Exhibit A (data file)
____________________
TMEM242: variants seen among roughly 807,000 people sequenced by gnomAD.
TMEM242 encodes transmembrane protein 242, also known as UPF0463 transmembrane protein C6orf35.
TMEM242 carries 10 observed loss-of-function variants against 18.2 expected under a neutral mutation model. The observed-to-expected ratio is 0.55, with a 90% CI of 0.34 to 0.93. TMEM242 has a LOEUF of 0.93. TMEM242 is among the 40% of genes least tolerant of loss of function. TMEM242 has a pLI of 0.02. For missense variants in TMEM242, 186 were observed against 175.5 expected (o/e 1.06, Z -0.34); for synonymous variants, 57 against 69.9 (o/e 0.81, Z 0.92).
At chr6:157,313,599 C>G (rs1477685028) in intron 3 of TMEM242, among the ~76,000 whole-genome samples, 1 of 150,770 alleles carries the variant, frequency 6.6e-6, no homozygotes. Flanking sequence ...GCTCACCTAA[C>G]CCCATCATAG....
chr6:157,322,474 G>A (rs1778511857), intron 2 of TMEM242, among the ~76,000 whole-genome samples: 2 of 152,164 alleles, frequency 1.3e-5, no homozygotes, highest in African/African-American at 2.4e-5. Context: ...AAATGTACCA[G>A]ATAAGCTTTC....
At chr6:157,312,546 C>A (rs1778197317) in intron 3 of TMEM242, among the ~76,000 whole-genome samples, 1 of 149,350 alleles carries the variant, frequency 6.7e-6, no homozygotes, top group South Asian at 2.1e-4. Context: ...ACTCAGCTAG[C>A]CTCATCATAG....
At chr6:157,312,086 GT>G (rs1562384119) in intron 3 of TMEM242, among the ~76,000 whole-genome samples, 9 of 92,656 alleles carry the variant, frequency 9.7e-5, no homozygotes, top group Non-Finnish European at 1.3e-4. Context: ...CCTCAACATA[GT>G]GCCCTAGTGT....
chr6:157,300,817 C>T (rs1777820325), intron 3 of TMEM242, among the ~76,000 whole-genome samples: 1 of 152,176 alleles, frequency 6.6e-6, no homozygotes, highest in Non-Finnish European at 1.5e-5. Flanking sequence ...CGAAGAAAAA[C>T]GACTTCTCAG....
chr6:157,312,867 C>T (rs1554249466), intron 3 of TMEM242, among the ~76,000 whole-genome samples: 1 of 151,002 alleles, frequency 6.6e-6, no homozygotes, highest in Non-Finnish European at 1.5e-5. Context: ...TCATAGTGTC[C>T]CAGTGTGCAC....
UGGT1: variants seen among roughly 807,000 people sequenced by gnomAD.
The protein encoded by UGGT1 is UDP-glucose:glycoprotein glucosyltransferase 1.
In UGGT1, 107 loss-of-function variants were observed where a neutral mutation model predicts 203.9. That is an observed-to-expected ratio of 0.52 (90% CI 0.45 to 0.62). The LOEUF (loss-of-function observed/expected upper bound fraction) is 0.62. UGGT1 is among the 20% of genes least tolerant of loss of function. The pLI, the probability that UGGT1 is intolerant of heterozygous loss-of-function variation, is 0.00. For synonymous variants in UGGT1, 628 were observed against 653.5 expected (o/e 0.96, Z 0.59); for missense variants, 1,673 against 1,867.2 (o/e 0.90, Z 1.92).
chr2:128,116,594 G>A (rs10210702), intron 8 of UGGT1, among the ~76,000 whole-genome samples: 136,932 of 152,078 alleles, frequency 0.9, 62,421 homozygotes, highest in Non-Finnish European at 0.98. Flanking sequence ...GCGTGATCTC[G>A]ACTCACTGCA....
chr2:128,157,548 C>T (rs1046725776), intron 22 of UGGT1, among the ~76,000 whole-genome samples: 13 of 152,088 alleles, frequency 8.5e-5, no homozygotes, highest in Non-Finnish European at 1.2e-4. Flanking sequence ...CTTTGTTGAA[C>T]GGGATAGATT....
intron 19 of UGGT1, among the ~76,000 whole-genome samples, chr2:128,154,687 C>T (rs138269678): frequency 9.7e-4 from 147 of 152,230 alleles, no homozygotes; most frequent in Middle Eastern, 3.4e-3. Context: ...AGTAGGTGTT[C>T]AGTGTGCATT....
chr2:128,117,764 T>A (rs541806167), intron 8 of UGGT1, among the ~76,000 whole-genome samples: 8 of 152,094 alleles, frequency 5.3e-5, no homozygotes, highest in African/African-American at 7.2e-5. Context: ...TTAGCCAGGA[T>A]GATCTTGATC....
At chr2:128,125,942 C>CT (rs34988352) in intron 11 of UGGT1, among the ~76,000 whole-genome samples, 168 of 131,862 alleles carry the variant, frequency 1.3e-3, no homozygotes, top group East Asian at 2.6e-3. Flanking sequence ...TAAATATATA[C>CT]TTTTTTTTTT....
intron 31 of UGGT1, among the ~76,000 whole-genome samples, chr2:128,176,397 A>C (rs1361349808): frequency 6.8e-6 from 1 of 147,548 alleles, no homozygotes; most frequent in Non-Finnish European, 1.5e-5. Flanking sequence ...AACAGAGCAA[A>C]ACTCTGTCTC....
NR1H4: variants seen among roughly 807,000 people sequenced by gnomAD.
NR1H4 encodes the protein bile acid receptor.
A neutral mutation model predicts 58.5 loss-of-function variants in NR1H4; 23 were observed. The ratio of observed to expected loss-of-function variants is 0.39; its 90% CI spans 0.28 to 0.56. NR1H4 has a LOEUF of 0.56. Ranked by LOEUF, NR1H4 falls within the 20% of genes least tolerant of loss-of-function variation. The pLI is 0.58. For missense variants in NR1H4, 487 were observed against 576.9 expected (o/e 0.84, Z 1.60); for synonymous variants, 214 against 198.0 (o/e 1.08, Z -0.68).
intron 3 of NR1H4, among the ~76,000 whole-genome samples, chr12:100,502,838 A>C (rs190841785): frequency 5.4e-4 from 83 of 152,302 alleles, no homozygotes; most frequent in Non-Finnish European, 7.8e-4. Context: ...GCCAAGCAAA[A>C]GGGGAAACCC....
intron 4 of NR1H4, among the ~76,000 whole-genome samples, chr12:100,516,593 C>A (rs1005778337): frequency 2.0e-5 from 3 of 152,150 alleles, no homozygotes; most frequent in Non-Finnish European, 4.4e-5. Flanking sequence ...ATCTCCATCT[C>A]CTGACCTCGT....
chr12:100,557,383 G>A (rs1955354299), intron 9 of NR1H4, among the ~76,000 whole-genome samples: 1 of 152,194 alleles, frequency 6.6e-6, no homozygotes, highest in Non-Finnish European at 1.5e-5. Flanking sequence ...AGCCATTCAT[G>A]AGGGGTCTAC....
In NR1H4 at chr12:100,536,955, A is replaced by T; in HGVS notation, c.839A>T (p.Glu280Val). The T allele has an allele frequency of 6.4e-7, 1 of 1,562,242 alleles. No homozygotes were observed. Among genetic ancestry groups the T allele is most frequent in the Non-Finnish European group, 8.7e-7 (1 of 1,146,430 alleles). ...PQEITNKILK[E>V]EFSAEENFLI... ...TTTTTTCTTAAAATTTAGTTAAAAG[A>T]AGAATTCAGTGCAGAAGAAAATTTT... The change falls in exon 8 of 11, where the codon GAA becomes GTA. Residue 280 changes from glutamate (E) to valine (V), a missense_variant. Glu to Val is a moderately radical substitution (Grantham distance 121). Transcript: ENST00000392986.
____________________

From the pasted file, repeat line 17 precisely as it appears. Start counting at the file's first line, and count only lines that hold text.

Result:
At chr2:128,125,942 C>CT (rs34988352) in intron 11 of UGGT1, among the ~76,000 whole-genome samples, 168 of 131,862 alleles carry the variant, frequency 1.3e-3, no homozygotes, top group East Asian at 2.6e-3. Flanking sequence ...TAAATATATA[C>CT]TTTTTTTTTT....